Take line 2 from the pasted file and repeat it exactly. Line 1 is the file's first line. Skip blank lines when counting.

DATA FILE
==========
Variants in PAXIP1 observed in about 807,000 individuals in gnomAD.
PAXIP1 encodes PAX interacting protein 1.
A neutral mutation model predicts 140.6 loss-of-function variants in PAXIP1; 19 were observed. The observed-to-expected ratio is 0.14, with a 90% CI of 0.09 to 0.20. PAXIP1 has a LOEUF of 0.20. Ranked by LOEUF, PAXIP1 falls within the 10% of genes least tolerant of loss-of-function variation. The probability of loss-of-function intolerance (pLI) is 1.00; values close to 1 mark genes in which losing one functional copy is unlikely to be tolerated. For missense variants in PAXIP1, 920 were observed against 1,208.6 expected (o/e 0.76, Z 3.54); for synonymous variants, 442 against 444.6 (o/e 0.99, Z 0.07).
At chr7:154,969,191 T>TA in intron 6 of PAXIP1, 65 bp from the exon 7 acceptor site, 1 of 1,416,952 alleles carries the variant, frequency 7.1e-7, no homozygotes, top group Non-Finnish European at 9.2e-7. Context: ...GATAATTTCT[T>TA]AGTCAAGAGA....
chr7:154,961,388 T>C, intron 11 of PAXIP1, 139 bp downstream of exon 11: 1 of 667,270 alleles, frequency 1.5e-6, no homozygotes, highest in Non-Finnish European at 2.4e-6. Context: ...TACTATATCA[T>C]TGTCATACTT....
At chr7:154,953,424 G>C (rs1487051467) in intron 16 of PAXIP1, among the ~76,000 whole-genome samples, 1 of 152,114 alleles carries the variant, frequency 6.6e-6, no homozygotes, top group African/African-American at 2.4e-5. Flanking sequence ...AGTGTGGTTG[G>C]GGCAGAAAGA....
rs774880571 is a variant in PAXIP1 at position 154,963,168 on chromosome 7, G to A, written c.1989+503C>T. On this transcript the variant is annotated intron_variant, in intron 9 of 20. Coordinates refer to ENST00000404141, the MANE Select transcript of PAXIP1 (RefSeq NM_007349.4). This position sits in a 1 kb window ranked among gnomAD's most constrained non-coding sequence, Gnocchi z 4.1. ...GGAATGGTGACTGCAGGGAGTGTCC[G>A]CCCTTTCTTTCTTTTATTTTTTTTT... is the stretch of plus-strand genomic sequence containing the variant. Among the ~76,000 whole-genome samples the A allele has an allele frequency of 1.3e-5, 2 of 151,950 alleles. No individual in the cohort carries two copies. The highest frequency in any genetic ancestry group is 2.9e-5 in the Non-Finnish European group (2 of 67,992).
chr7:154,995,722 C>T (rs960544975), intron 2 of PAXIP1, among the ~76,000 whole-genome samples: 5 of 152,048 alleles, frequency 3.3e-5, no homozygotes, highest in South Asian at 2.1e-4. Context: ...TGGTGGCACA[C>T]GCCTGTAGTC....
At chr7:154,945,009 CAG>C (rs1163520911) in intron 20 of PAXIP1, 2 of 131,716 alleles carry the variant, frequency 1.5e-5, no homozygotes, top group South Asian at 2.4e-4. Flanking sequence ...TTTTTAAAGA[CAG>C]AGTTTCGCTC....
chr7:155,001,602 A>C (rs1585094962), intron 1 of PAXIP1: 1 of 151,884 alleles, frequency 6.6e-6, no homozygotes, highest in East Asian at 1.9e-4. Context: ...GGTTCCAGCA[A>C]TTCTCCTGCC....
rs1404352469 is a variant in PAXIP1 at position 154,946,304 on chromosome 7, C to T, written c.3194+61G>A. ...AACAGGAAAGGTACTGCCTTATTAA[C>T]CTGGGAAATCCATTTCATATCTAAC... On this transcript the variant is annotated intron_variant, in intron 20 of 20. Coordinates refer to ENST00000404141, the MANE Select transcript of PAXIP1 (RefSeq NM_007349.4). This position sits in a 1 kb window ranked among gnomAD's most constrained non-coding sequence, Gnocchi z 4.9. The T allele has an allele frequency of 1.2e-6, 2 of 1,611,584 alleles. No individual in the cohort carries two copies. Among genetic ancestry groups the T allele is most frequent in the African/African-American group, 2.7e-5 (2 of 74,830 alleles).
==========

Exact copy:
PAXIP1 encodes PAX interacting protein 1.